Despite train strikes and inclement weather, Brighton & Hove Pride 2023 enjoyed another successful year, raising money for the Brighton Rainbow Fund supporting LGBTQ+ groups and organisations within the local community, as crowds of around 250,000 people descended on the seaside resort. It is estimated that more than £25m was brought into the city’s economy over the Pride weekend.

With more than 150 LGBTQ+ artists performing across 12 different stages, attention was largely focused on the main ‘Fabuloso’ stage in the 63-acre Preston Park. Here first night headliners Black Eyed Peas were followed by Steps on the Sunday, with Solotech UK for the second year providing their flagship WPL line array.

Working once again alongside production manager Dean Parker, at Wilde Ones International Events, their sound design was based around main PA hangs of 18 WPL per side, with a stage right side hang of six of the smaller WPC, and a larger drop of 12 WPC elements stage left.

According to crew chief and system tech Joseph Pearce this was in response to general site sensitivity, and with the stage pointing parallel to the road, the proximity of the housing on the right side.

Eight of Martin Audio’s smaller WPS enclosures provided near fill coverage while low frequency extension was provided by 20 powerful 2×18 SXHF218 subwoofers, designed in a castellated cardioid broadside array across the front of the stage.

Solotech provided stage monitoring in the shape of 16 of Martin Audio’s popular LE1500 floor wedges, with six TORUS T1215 constant curvature arrays and four SXHF218subs on stage.


Joseph Pearce, Crew Chief

Set some 70 meters back from the stage were three delay towers. These comprised a further 24 WPS set across the three positions, with three SXHF218 subs on each mast providing LF.

Once again Solotech worked alongside Robert Miller of F1 Acoustics to set, and achieve, both the onsite and offsite sound thresholds, with audio crew chief and system tech, Joseph Pearce optimising the sound in Martin Audio’s DISPLAY software. Miller confirmed that the offsite level had been set at 78dB(A) Leq15 at the nearest problematic area.

Following propagation, Joseph Pearce set a firm strategy, setting relatively low SPL caps, rising incrementally to 100dB(A) for the headliners. “You have to give yourself room—you don’t want to experience a noise infraction early in a programme that starts at 2pm,” he explains.

With the presence of fairground carousels and the second stage/dancefloor tent set 300m in front of the main stage, ‘Hard Avoid’ function in the DISPLAY2 software was certainly put to the test, used judiciously and meticulously on all the hangs, even taking the precaution of avoiding potential reflections off vendors’ booths. However, the experienced crew chief—on his fourth outing at Pride—said they were able to call on last year’s measurements …”since we hadn’t moved the PA. The only slight adjustment took into account the fact that the bleachers were slightly smaller.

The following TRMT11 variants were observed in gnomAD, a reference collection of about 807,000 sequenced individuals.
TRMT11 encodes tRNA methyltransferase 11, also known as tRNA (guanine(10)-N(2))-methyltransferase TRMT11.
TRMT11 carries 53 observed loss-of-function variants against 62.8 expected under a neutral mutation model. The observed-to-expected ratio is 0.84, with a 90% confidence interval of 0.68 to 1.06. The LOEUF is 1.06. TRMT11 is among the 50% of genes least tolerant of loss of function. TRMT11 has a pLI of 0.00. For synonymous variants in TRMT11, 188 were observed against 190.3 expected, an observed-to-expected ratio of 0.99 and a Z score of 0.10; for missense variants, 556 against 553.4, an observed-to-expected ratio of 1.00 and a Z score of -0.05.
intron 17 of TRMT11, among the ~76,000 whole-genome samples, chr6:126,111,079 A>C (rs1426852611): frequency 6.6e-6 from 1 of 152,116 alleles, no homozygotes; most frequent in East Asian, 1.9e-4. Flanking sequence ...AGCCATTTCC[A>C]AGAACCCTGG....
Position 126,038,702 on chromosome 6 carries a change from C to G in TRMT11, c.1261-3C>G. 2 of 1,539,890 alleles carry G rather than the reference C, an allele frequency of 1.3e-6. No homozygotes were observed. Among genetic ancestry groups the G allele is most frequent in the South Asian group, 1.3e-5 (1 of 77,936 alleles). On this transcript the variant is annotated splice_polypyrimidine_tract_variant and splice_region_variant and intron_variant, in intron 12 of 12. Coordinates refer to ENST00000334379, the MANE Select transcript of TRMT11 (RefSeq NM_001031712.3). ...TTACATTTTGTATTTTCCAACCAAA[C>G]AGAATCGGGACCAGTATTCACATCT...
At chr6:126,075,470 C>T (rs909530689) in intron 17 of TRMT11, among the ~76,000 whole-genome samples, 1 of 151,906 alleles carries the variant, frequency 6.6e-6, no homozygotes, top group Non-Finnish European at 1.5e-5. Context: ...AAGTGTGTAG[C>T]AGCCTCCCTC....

Martin Audio’s optimised platform, starting with MLA, has proven a real winner on such a sensitive site. “We did [Pride] one year wihout a Martin Audio PA and this showed in the results, which were poor.”

Joseph Pearce was supported at FOH by William Phillips, who confirmed the successful deployment of the various Wavefront Precision line arrays. “WPL displayed extremely even coverage right across the park—the drop-off was minimal and even with rather high winds and wet conditions, the HF was still extremely present.

“The close residential properties meant we needed to be considerate with levels, although no guest engineer found their mix to be limited, due to the sheer impact of the system. All were impressed by the overall sound, and this was helped by Martin Audio’s technology and offsite steering.”

The cardioid broadside set-up for the subs packed punch and impact without overpowering the mix, he said. “The low end was even across the field and a set of three subs in cardioid pattern at each delay tower allowed those at the back to experience a full mix as well. The cardioid array also helped with low end rumble on the stage which meant any wedge mixes were unaffected and allowed the monitor engineers to have a clean stage sound.”

In fact, down in monitor world Miles Jarrett and Alastair Hellard were on hand. Tim Grasse was stage technician along with Dan Holland, who was also patch engineer. Everything ran as smoothly at the stage end as at the FOH position, under the direction of stage production manager, John Pryer.

Solotech senior project manager Martin Connolly had confirmed last year that adoption of WPL at both Glastonbury and Hyde Park had paved the way for its adoption in Brighton.

Robert Miller agreed that this had resulted in a satisfactory outcome, adding that the site sensitivity had been even more profound since the police had closed off the main road running alongside Preston Park. “With no traffic there was nothing to mask the sound [towards the housing],” he said. “On the main stage itself there was no bleed as the sound was very well controlled, whereas with another system it could have been a lot worse. This was definitely the right system for the job.”

As a result Solotech UK were able once again to report highly positive feedback from the army of visiting FOH engineers in support of acts that included Mel C, Zara Larsson, Confidence Man and The Vivienne.

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